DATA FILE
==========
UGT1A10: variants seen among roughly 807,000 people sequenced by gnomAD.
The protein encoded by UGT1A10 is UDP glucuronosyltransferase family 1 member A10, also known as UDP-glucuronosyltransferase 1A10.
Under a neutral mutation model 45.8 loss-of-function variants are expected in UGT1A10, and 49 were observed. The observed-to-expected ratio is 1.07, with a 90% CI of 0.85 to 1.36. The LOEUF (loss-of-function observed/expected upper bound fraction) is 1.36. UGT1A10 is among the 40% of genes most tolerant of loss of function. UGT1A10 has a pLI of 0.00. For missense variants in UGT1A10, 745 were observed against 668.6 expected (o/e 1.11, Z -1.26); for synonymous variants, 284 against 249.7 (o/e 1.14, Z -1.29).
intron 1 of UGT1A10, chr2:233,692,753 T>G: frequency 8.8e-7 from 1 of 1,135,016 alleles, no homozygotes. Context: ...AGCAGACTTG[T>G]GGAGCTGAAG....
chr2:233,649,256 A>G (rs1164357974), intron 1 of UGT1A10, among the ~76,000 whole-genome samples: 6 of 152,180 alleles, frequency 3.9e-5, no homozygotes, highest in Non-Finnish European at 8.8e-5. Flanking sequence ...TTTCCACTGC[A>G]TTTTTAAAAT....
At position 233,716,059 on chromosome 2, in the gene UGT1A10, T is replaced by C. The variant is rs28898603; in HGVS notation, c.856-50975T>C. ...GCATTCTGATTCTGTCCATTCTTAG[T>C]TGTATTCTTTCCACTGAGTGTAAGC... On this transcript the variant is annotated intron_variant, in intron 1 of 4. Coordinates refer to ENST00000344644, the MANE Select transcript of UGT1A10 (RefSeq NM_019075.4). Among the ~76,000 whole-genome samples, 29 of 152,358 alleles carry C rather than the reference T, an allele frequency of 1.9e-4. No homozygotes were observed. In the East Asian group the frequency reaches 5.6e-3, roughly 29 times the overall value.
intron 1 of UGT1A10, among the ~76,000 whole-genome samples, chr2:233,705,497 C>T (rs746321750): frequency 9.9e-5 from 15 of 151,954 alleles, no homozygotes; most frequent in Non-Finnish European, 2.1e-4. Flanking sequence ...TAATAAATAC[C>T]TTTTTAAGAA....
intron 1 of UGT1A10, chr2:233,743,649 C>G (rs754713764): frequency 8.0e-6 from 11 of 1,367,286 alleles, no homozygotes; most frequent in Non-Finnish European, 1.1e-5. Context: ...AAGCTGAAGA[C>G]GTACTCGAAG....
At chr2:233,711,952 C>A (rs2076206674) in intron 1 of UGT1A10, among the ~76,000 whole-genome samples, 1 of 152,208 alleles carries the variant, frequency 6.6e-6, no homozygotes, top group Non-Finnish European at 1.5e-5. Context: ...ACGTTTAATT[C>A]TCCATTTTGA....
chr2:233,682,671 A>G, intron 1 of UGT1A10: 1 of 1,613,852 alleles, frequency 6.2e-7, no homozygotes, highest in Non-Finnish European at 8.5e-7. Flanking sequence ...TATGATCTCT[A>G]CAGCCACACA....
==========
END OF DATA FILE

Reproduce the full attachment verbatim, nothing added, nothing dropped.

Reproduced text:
UGT1A10: variants seen among roughly 807,000 people sequenced by gnomAD.
The protein encoded by UGT1A10 is UDP glucuronosyltransferase family 1 member A10, also known as UDP-glucuronosyltransferase 1A10.
Under a neutral mutation model 45.8 loss-of-function variants are expected in UGT1A10, and 49 were observed. The observed-to-expected ratio is 1.07, with a 90% CI of 0.85 to 1.36. The LOEUF (loss-of-function observed/expected upper bound fraction) is 1.36. UGT1A10 is among the 40% of genes most tolerant of loss of function. UGT1A10 has a pLI of 0.00. For missense variants in UGT1A10, 745 were observed against 668.6 expected (o/e 1.11, Z -1.26); for synonymous variants, 284 against 249.7 (o/e 1.14, Z -1.29).
intron 1 of UGT1A10, chr2:233,692,753 T>G: frequency 8.8e-7 from 1 of 1,135,016 alleles, no homozygotes. Context: ...AGCAGACTTG[T>G]GGAGCTGAAG....
chr2:233,649,256 A>G (rs1164357974), intron 1 of UGT1A10, among the ~76,000 whole-genome samples: 6 of 152,180 alleles, frequency 3.9e-5, no homozygotes, highest in Non-Finnish European at 8.8e-5. Flanking sequence ...TTTCCACTGC[A>G]TTTTTAAAAT....
At position 233,716,059 on chromosome 2, in the gene UGT1A10, T is replaced by C. The variant is rs28898603; in HGVS notation, c.856-50975T>C. ...GCATTCTGATTCTGTCCATTCTTAG[T>C]TGTATTCTTTCCACTGAGTGTAAGC... On this transcript the variant is annotated intron_variant, in intron 1 of 4. Coordinates refer to ENST00000344644, the MANE Select transcript of UGT1A10 (RefSeq NM_019075.4). Among the ~76,000 whole-genome samples, 29 of 152,358 alleles carry C rather than the reference T, an allele frequency of 1.9e-4. No homozygotes were observed. In the East Asian group the frequency reaches 5.6e-3, roughly 29 times the overall value.
intron 1 of UGT1A10, among the ~76,000 whole-genome samples, chr2:233,705,497 C>T (rs746321750): frequency 9.9e-5 from 15 of 151,954 alleles, no homozygotes; most frequent in Non-Finnish European, 2.1e-4. Flanking sequence ...TAATAAATAC[C>T]TTTTTAAGAA....
intron 1 of UGT1A10, chr2:233,743,649 C>G (rs754713764): frequency 8.0e-6 from 11 of 1,367,286 alleles, no homozygotes; most frequent in Non-Finnish European, 1.1e-5. Context: ...AAGCTGAAGA[C>G]GTACTCGAAG....
At chr2:233,711,952 C>A (rs2076206674) in intron 1 of UGT1A10, among the ~76,000 whole-genome samples, 1 of 152,208 alleles carries the variant, frequency 6.6e-6, no homozygotes, top group Non-Finnish European at 1.5e-5. Context: ...ACGTTTAATT[C>A]TCCATTTTGA....
chr2:233,682,671 A>G, intron 1 of UGT1A10: 1 of 1,613,852 alleles, frequency 6.2e-7, no homozygotes, highest in Non-Finnish European at 8.5e-7. Flanking sequence ...TATGATCTCT[A>G]CAGCCACACA....